$1 trillion is really more than anyone can spend. Especially today, when banks don't see attractive lending opportunities, excess deposits just cost higher overhead and FDIC insurance fees. Bank of New York Mellon (NYSE: BK  ) actually started charging institutions a fee to accept their money, while US Bancorp (NYSE: USB  ) and JPMorgan charge small businesses a portion of their FDIC insurance premiums.

For this to really hurt the banks, you'd have to see customers leaving on an even larger scale, or big institutions joining in. A number of municipalities, many burned by banks in the past, others under pressure from their constituents, are considering divesting.

But "move your money" isn't just about getting back at the banks. I visited Occupy DC to talk to people who have moved their money or plan on doing so tomorrow. Many people just don't want to be associated with the national banks, feeling that Wall Street broke the law, blew up the economy, got bailed out, and then ripped off their customers. And they're voting with their feet.

Here's some of what they told me:

The huge banks are taking their customers' money with hidden charges. Why should I put my money with the kind of bank that will just lend it all to people who they know can't afford to pay it back? I don't want to be a part of that cycle of ripping us off little by little.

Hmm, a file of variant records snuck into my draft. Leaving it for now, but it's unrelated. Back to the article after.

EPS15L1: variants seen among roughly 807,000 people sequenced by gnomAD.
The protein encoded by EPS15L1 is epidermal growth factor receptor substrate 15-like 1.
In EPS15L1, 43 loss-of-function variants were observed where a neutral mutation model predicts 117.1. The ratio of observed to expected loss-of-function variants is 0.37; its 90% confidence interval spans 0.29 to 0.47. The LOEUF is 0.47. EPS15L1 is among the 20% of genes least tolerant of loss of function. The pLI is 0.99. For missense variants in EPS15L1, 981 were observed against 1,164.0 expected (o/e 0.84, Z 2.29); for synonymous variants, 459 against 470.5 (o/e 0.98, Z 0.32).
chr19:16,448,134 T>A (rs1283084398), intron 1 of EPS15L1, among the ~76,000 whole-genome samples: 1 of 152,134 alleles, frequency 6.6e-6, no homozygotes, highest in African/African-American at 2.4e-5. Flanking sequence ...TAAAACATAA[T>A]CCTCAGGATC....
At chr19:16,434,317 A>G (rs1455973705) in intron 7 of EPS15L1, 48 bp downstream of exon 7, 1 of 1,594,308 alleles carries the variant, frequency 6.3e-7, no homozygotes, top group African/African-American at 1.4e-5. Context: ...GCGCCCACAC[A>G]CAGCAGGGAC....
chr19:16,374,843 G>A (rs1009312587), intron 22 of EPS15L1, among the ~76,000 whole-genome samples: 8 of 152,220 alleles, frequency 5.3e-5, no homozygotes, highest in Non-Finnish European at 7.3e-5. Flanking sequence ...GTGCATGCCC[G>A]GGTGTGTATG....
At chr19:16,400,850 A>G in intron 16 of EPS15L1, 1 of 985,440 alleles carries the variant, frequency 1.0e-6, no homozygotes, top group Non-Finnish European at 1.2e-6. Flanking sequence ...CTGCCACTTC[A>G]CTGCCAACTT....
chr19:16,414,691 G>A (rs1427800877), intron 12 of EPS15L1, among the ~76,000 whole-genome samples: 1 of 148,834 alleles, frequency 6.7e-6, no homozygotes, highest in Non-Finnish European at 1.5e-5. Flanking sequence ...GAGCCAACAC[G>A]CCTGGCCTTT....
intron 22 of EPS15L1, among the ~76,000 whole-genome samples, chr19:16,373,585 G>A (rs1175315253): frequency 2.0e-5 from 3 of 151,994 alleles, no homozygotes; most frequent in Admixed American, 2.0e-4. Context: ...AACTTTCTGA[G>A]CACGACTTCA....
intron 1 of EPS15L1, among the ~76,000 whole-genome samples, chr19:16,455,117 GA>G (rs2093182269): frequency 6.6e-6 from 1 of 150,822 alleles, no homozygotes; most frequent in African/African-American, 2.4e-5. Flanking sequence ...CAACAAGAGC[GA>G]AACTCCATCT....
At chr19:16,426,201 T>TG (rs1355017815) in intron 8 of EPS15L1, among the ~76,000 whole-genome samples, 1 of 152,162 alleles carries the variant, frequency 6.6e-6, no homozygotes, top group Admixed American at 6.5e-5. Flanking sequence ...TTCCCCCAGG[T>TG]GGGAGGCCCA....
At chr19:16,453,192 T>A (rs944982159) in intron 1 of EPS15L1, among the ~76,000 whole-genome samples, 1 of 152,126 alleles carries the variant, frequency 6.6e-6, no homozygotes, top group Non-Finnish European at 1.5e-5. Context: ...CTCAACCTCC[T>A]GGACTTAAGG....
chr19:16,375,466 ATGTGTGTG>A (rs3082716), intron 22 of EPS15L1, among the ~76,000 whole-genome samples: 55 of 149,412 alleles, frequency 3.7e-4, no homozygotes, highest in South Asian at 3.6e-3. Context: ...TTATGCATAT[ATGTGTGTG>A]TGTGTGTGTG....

I don't want to give banks my money just so they can go speculating with it.

I used to work for Wells Fargo before being laid off during the same quarter it posted a 21% increase in quarterly profits to $3.4 billion. Banks make decisions on their behalf instead of ours. I want to invest in credit unions that are a part of our communities.

Since the repeal of Glass-Steagall, banks have the capacity to use federally insured deposits to engage in investment banking, market-making, and proprietary trading (once they poke 100 holes in the Volcker Rule).

Most of the commercial banks got bailed out. It's like buying a Chevy or a GM (NYSE: GM  ) car – I don't want to support a company that was reckless.

I don't want them to be too big to fail anymore.